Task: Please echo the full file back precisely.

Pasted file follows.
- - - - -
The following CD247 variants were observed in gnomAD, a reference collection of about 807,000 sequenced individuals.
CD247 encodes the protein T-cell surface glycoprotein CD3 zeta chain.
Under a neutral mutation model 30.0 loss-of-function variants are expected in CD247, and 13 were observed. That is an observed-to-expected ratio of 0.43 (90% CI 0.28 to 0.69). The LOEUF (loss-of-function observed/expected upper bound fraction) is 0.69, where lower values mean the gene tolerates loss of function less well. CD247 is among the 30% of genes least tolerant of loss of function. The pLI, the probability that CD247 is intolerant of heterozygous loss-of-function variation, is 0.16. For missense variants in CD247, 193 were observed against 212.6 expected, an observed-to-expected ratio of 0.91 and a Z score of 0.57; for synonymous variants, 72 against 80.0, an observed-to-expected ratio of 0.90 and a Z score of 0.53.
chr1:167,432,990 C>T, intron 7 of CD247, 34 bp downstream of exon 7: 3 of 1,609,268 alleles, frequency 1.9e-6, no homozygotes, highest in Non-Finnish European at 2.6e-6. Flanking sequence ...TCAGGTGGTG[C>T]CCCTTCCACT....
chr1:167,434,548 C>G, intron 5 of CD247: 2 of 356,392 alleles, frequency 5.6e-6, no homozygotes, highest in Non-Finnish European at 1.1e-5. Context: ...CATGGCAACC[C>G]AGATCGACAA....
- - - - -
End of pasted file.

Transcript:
The following CD247 variants were observed in gnomAD, a reference collection of about 807,000 sequenced individuals.
CD247 encodes the protein T-cell surface glycoprotein CD3 zeta chain.
Under a neutral mutation model 30.0 loss-of-function variants are expected in CD247, and 13 were observed. That is an observed-to-expected ratio of 0.43 (90% CI 0.28 to 0.69). The LOEUF (loss-of-function observed/expected upper bound fraction) is 0.69, where lower values mean the gene tolerates loss of function less well. CD247 is among the 30% of genes least tolerant of loss of function. The pLI, the probability that CD247 is intolerant of heterozygous loss-of-function variation, is 0.16. For missense variants in CD247, 193 were observed against 212.6 expected, an observed-to-expected ratio of 0.91 and a Z score of 0.57; for synonymous variants, 72 against 80.0, an observed-to-expected ratio of 0.90 and a Z score of 0.53.
chr1:167,432,990 C>T, intron 7 of CD247, 34 bp downstream of exon 7: 3 of 1,609,268 alleles, frequency 1.9e-6, no homozygotes, highest in Non-Finnish European at 2.6e-6. Flanking sequence ...TCAGGTGGTG[C>T]CCCTTCCACT....
chr1:167,434,548 C>G, intron 5 of CD247: 2 of 356,392 alleles, frequency 5.6e-6, no homozygotes, highest in Non-Finnish European at 1.1e-5. Context: ...CATGGCAACC[C>G]AGATCGACAA....